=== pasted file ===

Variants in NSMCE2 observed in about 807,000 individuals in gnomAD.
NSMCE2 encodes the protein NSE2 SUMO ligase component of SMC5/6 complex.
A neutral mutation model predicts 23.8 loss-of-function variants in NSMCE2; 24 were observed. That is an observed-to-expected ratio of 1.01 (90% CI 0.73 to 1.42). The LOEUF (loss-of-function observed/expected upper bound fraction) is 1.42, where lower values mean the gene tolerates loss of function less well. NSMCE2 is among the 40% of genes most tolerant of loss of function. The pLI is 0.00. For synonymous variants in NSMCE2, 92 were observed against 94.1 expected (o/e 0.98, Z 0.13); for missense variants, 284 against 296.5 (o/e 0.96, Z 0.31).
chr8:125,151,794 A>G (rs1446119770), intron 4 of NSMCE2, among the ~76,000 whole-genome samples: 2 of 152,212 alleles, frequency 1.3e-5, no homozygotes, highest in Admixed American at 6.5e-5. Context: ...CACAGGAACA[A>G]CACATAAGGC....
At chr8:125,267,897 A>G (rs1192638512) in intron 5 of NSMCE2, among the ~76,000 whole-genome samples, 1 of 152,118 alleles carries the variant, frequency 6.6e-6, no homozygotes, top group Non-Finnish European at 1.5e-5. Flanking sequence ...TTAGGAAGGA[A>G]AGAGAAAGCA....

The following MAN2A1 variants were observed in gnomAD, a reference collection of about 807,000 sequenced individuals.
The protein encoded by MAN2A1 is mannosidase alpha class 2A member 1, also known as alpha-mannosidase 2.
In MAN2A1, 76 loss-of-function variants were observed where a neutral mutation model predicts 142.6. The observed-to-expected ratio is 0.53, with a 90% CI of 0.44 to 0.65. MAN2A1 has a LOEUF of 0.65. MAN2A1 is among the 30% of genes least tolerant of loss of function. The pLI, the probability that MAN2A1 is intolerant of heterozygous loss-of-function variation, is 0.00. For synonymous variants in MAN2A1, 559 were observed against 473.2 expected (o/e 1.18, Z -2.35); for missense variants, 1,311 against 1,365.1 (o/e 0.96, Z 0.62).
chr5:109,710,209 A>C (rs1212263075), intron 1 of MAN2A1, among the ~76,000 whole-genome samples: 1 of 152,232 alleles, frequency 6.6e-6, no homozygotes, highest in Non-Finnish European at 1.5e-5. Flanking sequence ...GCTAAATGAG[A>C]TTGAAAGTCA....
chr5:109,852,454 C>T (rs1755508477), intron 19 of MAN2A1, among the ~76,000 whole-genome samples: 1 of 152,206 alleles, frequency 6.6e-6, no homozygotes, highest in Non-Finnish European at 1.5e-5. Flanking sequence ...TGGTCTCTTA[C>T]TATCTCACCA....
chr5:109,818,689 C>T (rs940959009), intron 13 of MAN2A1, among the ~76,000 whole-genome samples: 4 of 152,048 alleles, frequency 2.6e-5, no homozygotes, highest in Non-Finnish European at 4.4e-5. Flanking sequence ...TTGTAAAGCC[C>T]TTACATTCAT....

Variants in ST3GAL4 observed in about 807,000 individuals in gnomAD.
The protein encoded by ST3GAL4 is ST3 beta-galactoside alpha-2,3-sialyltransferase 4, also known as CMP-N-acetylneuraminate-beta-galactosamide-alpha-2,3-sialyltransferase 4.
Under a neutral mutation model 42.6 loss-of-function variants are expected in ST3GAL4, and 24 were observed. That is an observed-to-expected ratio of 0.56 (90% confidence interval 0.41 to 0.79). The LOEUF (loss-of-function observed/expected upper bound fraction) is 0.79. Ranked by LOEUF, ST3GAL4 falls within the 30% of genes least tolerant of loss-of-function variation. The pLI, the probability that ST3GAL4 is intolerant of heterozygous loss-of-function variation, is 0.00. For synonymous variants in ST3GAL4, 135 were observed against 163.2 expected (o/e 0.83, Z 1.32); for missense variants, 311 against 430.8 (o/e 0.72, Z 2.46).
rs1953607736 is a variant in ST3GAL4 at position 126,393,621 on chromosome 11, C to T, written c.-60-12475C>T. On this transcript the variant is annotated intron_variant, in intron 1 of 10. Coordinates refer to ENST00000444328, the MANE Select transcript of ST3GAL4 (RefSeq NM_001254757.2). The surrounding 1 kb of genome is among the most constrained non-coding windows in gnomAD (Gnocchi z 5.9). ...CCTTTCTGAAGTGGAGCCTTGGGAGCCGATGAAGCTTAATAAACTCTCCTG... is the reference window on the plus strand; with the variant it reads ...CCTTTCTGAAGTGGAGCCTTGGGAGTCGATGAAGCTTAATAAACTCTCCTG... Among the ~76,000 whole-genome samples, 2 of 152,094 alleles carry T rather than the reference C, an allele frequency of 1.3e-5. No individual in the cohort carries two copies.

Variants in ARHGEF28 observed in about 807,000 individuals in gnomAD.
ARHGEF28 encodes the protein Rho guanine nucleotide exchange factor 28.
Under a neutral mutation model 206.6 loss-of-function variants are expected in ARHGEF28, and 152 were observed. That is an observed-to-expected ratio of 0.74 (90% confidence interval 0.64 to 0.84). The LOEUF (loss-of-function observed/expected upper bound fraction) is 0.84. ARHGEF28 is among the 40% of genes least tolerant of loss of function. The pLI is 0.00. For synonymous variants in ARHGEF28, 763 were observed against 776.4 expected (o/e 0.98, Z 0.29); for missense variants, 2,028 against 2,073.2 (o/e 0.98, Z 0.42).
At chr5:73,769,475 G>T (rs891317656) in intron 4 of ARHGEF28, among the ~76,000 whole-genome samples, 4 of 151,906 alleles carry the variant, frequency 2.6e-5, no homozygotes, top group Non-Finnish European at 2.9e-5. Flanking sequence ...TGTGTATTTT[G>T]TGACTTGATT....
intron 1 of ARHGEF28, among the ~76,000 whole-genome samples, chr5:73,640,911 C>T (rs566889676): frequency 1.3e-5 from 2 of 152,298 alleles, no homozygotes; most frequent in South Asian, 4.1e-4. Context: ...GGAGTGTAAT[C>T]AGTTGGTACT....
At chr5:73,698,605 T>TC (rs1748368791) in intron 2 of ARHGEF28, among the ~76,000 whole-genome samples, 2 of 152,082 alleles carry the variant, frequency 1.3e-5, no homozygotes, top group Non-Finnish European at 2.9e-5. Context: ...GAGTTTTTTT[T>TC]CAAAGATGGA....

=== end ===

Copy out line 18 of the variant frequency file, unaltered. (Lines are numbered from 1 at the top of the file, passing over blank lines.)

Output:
Under a neutral mutation model 206.6 loss-of-function variants are expected in ARHGEF28, and 152 were observed. That is an observed-to-expected ratio of 0.74 (90% confidence interval 0.64 to 0.84). The LOEUF (loss-of-function observed/expected upper bound fraction) is 0.84. ARHGEF28 is among the 40% of genes least tolerant of loss of function. The pLI is 0.00. For synonymous variants in ARHGEF28, 763 were observed against 776.4 expected (o/e 0.98, Z 0.29); for missense variants, 2,028 against 2,073.2 (o/e 0.98, Z 0.42).